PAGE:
For apparently several industry icons like Ice Cube stole material from Good Life Café regulars en route to fame and fortune. But the movie opts to downplay incidents of plagiarism in favor of featuring appearances by artists who employed such colorful sobriquets as Abstract Rule, Born Allah, Pigeon John, Riddlore, Big Al, Wreckless, Ellay Khule, Medusa, Q., MYKA NYNE, Busdriver, Ganjah K, Big Baby, CVE, Tray-Loc, Cut Chemist, Volume 10, Jyant, Ronda Ross, 2 Mex, Fat Jack,T-Love, Peace, Chali 2NA and F Stl, and perhaps most notably Eve, aka Ava Duvernay, a rapper-turned-filmmaker with a very bright future behind the camera.
An overdue tribute to a generation of gifted youngsters whose seminal contributions to popular culture deserve to be acknowledged, if only to validate the fact that L.A. rap’s roots are far more rich, diverse, sophisticated and uplifting than the materialistic and misogynistic messages that they’ve been reduced to by the music videos found in regular rotation on BET and MTV.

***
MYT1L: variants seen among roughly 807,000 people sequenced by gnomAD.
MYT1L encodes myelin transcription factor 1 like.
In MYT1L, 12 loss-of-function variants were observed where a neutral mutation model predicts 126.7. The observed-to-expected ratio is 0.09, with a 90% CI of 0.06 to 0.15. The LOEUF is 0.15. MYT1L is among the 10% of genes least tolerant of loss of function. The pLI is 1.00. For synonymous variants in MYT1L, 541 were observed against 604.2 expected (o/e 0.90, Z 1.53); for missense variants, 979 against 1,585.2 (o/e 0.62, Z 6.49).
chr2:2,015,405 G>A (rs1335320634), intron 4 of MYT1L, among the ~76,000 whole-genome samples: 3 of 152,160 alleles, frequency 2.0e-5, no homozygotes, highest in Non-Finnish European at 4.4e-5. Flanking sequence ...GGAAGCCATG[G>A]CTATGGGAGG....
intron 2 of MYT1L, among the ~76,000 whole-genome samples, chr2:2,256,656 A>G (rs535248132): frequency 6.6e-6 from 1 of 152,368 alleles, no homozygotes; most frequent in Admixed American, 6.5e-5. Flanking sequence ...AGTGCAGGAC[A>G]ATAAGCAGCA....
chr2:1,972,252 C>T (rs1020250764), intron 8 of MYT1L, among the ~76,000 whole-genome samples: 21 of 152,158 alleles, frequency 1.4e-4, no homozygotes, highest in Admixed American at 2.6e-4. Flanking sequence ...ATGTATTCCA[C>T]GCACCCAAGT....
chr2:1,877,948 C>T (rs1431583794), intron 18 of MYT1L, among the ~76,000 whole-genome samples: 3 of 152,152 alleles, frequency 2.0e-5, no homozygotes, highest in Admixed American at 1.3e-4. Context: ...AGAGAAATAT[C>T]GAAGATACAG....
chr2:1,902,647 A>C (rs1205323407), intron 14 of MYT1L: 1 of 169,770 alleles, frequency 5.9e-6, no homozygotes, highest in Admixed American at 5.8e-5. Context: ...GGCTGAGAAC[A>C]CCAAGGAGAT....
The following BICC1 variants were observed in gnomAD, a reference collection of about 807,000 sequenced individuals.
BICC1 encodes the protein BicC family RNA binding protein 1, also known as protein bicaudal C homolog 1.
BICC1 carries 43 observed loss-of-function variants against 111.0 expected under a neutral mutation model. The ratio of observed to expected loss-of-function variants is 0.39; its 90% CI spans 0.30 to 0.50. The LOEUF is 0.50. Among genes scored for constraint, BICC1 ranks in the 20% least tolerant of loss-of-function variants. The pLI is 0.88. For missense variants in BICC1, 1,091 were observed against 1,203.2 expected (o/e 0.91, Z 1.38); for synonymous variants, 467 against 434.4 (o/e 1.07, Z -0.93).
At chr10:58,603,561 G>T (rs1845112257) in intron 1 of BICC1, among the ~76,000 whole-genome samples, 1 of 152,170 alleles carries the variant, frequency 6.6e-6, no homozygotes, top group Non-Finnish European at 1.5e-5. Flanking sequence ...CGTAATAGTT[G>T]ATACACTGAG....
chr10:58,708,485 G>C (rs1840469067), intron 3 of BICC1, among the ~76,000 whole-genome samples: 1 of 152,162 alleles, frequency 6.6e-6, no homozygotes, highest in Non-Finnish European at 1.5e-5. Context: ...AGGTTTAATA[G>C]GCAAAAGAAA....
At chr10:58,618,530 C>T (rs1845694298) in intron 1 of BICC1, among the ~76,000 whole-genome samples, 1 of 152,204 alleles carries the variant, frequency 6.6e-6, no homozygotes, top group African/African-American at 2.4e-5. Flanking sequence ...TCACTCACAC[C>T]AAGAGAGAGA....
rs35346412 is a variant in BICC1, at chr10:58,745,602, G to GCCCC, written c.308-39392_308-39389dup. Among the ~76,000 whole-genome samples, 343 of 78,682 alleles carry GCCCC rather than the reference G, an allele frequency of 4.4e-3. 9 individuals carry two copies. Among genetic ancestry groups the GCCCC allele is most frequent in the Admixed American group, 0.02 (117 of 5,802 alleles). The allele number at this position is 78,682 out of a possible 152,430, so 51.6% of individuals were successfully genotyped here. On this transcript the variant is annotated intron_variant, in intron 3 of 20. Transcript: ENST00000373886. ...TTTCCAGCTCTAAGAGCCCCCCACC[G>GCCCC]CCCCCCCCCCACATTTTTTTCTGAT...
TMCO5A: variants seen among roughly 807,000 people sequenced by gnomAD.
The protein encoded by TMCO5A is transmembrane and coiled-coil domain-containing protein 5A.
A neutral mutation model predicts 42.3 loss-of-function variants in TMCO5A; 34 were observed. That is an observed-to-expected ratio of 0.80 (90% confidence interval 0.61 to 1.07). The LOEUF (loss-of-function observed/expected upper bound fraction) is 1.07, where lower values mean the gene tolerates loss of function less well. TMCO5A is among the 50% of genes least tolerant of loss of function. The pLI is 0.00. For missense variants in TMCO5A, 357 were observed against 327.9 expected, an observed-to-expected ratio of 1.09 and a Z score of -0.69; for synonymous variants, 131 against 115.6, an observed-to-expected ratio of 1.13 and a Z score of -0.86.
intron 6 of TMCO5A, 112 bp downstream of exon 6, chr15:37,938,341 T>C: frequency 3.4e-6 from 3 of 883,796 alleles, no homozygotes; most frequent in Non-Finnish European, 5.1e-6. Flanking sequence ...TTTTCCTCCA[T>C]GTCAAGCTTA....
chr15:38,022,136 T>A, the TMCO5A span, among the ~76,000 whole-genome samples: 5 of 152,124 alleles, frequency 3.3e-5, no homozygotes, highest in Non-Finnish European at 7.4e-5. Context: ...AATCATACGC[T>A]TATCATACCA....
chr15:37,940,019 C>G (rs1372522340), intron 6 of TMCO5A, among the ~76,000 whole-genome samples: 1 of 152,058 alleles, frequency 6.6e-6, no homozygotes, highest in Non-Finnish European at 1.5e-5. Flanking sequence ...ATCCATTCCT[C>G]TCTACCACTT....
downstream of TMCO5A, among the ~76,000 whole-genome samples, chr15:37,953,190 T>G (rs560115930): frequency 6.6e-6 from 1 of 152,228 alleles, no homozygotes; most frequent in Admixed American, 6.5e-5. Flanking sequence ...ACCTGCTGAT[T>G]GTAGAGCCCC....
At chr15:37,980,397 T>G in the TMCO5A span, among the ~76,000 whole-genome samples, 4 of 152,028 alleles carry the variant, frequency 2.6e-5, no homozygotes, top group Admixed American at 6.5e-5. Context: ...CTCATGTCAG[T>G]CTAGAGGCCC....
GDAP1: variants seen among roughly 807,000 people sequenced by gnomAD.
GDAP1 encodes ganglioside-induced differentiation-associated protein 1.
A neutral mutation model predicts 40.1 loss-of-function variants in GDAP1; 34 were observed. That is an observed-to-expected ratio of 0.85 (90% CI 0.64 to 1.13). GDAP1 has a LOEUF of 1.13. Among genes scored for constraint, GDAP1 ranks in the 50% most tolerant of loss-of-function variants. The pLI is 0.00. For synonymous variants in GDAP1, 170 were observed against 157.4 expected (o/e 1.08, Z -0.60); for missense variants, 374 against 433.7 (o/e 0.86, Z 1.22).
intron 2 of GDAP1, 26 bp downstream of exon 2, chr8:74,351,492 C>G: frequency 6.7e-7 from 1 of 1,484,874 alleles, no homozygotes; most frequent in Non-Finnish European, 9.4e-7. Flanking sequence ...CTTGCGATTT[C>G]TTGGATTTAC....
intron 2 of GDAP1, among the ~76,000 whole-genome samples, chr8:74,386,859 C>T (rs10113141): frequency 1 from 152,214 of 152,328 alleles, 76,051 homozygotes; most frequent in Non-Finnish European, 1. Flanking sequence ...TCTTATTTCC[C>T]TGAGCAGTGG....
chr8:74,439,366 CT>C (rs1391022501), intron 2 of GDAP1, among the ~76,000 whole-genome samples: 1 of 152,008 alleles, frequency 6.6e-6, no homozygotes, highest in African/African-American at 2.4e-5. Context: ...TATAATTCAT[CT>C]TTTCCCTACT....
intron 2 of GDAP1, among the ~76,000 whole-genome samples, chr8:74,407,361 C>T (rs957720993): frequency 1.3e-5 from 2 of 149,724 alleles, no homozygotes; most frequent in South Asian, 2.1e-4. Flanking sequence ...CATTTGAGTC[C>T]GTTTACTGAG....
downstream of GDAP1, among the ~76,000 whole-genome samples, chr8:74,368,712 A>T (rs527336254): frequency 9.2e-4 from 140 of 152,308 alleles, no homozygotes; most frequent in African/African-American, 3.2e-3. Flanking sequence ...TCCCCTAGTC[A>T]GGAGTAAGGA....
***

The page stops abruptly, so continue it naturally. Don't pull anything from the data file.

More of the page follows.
Excellent (4 stars)
Running time: 97 minutes
Studio: Forward Movement Films

Friday, February 27, 2009

What Just Happened DVD

DVD Review by Kam Williams

Headline: Showbiz Satire Offers Inside Look at Challenge of Moviemaking in Hollywood

Ben’s (Robert De Niro) life is an unmitigated mess. First of all, the famous Hollywood producer has a couple of projects coming apart at the seams. The first, titled “Fiercely,” starring Sean Penn (played by Penn himself), has already been completed. But it has fared so poorly in test screenings that the studio head, Lou (Catherine Keener), is pressuring Ben to change the depressing ending during which the dog dies.